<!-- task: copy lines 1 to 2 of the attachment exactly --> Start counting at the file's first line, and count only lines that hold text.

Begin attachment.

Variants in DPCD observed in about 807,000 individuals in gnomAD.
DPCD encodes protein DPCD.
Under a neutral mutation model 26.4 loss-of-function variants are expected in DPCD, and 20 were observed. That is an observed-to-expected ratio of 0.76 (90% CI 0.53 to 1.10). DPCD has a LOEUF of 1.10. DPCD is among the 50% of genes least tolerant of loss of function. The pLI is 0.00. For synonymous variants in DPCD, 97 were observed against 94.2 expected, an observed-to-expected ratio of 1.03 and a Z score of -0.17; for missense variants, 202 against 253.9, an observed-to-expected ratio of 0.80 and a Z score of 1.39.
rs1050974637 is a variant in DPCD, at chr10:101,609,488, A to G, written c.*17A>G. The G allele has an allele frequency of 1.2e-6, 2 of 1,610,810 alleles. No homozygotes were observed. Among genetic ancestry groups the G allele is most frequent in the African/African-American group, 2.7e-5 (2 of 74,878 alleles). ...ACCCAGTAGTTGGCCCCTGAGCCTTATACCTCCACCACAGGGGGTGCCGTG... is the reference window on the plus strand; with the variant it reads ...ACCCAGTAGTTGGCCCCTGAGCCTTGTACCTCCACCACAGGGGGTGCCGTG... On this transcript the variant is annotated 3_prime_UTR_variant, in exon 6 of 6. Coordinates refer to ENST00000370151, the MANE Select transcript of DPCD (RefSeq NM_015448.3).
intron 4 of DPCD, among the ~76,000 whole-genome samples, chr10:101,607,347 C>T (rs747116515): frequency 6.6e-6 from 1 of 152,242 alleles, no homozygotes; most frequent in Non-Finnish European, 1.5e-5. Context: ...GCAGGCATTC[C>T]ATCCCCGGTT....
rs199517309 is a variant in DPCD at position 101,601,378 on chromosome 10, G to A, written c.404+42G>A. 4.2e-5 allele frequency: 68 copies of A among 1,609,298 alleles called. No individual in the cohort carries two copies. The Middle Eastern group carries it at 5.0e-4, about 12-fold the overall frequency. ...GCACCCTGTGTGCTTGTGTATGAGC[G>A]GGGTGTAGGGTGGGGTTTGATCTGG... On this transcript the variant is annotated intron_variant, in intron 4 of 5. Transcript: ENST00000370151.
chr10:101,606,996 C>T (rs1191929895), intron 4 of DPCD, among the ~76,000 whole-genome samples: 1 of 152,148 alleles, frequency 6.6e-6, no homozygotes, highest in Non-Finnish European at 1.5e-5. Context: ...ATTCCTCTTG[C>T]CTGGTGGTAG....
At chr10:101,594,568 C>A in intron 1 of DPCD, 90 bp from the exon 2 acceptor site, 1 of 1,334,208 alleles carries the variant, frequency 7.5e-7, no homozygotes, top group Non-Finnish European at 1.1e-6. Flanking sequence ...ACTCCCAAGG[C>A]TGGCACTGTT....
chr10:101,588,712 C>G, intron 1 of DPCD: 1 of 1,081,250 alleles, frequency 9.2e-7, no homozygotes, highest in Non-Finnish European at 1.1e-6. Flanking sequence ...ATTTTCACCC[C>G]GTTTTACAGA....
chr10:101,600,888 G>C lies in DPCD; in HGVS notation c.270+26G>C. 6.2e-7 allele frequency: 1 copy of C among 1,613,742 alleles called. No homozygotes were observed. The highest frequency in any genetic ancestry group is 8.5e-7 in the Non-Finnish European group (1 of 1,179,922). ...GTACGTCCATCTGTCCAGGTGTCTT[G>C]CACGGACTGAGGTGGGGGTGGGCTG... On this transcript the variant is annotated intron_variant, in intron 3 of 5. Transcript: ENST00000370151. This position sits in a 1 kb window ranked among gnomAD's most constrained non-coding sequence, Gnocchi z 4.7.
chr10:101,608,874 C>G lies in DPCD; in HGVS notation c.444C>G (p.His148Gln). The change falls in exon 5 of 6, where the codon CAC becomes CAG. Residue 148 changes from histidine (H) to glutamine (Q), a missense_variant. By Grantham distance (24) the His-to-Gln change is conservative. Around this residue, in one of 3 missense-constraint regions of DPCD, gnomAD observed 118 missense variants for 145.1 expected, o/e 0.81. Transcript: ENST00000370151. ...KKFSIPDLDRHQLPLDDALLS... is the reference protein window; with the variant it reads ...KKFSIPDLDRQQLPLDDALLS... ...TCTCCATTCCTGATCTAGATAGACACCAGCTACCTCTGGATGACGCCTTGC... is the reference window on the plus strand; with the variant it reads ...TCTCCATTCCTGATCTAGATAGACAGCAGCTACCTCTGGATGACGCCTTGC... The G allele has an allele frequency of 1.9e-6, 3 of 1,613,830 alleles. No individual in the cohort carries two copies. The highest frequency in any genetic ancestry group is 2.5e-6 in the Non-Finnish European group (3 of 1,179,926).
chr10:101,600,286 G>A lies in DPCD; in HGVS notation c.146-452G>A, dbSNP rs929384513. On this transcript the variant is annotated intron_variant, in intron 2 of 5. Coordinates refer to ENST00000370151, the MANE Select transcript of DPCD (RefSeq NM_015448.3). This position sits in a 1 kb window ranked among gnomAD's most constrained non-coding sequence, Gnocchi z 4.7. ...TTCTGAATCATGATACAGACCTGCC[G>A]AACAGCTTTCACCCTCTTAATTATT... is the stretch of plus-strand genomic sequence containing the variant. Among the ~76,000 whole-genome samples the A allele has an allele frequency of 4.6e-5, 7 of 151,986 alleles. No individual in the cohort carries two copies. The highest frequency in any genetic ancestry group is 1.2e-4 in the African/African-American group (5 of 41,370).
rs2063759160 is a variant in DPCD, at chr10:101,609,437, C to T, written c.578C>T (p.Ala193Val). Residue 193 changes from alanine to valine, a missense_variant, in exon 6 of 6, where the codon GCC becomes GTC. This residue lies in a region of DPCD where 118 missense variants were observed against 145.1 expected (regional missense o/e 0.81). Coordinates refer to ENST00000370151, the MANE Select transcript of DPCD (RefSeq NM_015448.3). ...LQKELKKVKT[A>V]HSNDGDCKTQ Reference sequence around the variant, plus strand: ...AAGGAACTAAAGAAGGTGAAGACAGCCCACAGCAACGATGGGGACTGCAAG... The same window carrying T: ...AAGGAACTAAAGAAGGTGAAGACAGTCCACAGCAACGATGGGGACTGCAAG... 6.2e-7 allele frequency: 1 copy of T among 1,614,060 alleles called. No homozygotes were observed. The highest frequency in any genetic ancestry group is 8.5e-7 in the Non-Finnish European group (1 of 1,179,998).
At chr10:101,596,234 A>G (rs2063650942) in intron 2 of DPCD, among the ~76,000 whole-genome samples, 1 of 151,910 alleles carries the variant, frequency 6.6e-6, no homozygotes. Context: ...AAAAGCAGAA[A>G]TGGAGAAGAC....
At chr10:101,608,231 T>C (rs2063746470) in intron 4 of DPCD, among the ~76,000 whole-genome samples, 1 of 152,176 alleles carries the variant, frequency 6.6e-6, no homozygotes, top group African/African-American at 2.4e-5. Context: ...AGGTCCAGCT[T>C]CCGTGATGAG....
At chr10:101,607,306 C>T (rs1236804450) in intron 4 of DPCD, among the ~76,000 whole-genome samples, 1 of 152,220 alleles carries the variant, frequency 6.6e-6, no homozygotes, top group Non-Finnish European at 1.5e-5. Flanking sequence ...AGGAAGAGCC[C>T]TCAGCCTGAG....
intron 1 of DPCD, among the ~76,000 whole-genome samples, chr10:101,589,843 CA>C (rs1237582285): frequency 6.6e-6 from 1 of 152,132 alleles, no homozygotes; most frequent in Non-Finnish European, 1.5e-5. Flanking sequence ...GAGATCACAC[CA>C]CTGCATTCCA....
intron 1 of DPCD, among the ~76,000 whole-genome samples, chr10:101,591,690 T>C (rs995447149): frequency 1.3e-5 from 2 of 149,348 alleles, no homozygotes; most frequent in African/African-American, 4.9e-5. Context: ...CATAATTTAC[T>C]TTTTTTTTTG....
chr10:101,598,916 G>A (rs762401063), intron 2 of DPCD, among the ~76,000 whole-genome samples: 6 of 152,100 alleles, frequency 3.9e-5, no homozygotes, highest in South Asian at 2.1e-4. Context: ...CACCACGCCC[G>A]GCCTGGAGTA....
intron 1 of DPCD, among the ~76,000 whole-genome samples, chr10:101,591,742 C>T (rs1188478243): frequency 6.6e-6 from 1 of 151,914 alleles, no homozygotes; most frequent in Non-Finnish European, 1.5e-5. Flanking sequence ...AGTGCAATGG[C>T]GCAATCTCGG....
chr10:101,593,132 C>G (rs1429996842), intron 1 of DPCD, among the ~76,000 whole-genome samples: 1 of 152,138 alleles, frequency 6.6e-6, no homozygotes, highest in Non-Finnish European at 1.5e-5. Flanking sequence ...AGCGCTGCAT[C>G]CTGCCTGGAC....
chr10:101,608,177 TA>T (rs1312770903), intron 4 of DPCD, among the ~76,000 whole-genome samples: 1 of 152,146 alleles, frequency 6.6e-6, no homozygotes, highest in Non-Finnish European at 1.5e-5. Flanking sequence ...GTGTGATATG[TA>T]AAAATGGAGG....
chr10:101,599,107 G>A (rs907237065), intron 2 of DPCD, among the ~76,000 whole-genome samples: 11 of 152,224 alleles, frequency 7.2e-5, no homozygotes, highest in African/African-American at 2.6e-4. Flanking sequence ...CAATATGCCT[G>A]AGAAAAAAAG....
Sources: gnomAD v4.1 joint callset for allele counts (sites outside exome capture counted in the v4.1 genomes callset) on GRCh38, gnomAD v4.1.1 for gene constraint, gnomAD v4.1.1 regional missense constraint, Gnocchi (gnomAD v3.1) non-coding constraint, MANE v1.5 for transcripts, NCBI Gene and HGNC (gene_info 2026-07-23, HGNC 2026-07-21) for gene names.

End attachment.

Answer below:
Variants in DPCD observed in about 807,000 individuals in gnomAD.
DPCD encodes protein DPCD.